It’s very rare that a film wears its influences on its sleeve like Russian Raid does. Even in the description of the plot on IMDB the film is said to be inspired by Gareth Evans’ The Raid. It’s like calling all the Bourne films “American James Bond”. Sadly though, Indonesian The Raid this is not…
Russian Raid is (funnily enough) a Russian action thriller. It’s about a disavowed special forces operative who’s hired by a shady businessman to take over a liquor factory. As Nikita (the operative) continues to take out the factory’s security, he starts to discover some dark secrets.
The main reason that anyone would even think about watching this film is for the action. That Russian Raid does indeed provide. Quite a lot of it in fact. What’s more, the old adage of quality over quantity is still followed. None of the action scenes are terrible and are clearly professionally choreographed. The fight scenes at the beginning, however, are ruined by the frankly awful soundtrack. Nikita is helped by a group of thugs in his assault on the factory. Whenever this gang is involved in a fight, the composer kicks in some dreadful dubstep music.
The proof that the music destroys these scenes is shown later in the film when fight scenes have more traditional (if a little bland) action music. The fights also get a lot better when guns become involved in the third act. For the majority of the beginning of the titular raid, guns are nowhere to be seen. This is presumably to show off these martial artists’ skills. Unfortunately, it seems slightly contrived that no one involved would be carrying at least a pistol.
The action is where the film’s merits end. Most of the starring actors are MMA fighters, weightlifters, and the like. So, yes, they’re very good at fighting, but their acting is much to be desired. Most will hammer out their lines and show their emotions either so subtly it’s unreadable or so over the top that your screen will shake when they speak. What doesn’t help this is the script is written so badly that it’s hard to believe an actual screenwriter had anything to do with it.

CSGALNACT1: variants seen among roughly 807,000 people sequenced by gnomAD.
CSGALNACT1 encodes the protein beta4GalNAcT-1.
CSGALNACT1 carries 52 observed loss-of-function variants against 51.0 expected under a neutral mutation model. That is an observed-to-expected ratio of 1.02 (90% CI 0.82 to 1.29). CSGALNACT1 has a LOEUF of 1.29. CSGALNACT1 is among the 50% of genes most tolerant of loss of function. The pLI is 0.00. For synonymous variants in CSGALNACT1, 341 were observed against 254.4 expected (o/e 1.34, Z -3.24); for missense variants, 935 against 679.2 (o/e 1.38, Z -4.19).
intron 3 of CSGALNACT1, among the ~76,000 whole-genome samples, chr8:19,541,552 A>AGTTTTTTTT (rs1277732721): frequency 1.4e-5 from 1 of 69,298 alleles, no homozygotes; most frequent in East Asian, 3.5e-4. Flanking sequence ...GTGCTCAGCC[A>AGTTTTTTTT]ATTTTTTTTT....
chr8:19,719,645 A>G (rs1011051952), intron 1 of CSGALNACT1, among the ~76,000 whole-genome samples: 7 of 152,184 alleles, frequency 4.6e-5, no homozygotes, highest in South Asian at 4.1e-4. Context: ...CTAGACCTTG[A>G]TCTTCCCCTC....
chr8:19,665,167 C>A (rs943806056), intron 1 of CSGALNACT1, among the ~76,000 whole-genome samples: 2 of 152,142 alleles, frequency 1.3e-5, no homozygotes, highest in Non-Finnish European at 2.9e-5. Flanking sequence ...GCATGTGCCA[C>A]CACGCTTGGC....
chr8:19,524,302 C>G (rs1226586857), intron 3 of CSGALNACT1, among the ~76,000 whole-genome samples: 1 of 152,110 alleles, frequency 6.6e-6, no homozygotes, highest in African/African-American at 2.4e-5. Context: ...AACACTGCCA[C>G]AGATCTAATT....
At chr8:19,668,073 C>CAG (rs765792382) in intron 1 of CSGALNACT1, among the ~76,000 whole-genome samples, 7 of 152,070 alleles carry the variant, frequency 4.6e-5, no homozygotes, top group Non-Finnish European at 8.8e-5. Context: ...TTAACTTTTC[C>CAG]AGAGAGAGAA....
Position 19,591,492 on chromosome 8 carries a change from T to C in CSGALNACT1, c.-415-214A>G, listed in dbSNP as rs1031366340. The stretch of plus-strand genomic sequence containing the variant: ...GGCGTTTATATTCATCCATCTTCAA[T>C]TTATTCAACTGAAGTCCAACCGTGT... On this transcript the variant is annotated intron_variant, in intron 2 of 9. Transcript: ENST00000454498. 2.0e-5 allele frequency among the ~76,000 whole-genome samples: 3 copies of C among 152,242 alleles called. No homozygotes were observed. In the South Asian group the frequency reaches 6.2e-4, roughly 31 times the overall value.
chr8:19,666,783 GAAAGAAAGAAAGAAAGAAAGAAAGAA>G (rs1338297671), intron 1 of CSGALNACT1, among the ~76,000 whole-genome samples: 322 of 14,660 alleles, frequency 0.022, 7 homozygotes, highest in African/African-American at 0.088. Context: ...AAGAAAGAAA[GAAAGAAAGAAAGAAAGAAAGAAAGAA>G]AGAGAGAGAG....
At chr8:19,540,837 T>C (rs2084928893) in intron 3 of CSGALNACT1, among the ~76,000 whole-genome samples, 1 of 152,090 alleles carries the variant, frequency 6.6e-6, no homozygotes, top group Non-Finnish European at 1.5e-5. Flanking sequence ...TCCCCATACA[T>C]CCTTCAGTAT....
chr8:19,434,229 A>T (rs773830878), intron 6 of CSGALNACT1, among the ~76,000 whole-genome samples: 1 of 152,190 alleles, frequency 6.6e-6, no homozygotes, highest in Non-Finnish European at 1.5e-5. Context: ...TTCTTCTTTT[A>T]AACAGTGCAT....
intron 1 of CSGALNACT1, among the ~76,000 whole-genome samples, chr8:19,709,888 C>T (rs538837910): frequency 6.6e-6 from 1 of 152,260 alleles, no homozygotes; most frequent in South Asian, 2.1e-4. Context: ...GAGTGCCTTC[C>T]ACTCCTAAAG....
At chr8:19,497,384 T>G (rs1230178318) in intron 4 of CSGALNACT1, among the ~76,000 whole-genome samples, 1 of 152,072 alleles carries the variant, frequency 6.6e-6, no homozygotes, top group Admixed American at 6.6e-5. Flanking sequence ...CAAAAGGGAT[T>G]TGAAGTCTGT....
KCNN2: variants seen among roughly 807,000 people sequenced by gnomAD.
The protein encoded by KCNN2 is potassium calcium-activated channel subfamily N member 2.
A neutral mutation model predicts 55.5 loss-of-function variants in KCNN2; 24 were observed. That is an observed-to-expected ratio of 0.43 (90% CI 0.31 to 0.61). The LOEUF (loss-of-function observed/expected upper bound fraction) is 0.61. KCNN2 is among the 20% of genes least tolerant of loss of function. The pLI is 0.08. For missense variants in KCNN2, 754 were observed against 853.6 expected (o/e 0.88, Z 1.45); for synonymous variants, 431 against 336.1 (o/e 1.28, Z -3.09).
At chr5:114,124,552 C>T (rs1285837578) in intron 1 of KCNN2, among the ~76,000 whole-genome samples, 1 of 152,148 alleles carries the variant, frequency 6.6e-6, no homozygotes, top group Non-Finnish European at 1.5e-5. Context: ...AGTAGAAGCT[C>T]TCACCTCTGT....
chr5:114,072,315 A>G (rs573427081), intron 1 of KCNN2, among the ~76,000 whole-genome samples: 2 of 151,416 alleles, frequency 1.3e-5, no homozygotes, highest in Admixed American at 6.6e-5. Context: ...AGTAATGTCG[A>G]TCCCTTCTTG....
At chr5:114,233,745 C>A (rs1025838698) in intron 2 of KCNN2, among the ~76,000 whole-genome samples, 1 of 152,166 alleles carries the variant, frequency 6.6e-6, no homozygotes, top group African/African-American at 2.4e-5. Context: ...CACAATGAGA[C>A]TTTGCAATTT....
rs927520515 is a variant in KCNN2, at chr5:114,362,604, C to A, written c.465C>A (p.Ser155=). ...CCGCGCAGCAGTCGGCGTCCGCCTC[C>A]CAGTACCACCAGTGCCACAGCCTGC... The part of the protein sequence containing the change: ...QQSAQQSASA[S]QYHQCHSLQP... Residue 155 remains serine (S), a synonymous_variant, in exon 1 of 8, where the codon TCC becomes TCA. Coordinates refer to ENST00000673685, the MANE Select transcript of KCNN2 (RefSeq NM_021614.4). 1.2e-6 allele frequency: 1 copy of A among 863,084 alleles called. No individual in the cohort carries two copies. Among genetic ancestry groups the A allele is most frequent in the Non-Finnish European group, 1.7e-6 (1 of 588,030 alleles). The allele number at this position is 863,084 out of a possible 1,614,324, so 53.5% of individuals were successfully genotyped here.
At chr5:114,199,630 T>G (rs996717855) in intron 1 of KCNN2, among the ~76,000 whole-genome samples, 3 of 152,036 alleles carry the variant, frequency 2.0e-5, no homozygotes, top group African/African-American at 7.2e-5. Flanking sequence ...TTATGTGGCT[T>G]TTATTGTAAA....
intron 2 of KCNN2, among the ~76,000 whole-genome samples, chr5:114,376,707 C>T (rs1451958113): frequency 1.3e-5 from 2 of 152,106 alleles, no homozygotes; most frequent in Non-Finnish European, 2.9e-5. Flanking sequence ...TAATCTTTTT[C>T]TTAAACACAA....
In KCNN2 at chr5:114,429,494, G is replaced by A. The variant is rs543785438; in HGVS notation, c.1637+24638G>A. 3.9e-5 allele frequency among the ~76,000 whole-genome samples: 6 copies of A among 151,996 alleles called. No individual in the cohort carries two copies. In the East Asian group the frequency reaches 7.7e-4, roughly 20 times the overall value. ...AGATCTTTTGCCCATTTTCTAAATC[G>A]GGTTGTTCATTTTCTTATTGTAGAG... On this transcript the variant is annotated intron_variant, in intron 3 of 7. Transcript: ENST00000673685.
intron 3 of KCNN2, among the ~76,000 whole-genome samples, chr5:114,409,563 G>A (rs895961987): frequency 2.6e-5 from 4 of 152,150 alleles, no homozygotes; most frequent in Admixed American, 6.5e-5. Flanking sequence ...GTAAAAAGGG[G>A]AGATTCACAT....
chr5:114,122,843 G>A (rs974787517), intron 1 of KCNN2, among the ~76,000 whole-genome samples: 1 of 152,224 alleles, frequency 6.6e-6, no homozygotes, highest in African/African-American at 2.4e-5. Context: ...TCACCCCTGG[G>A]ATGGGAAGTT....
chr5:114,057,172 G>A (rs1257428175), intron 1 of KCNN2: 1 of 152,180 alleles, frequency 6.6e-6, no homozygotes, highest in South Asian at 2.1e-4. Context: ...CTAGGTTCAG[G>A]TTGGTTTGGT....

You have to give the benefit of the doubt sometimes when talking about foreign film scripts. Something could be lost in translation. Or the translator hired for the subtitles could be bad at English. Either way, films like Amelie still manage to be beautifully written despite being translated. So this is not an excuse to hide behind.
Technically, Russian Raid is just about competent. This is in the sense that there aren’t obvious continuity errors or things like that. However, sometimes the editing is really janky, weird effects are used a few times. One example is the frame turning abruptly on every hit in one particular fight. They’re meant to look cool but just come off as weird.
If you want a film PURELY for action, you may be satisfied with Russian Raid. But if you want an actual good film with action in, then look somewhere else.
Dir: Denis Kryuchkov
Scr: Denis Kryuchkov, Olga Loyanich, Robert Orr
Cast: Ivan Kotik, Vladimir Mineev, Ilya Antonenko, Nikita Kologrivyy
Prd: Alexander Kalushkin, Denis Kryuchkov, Sofia Kvashilava, Olga Loyanich, Andrey Lyakhov
DOP: Alexey Sedov
Music: Information unavailable
Runtime: 102 mins
Russian Raid is available on Blu-ray from 22nd March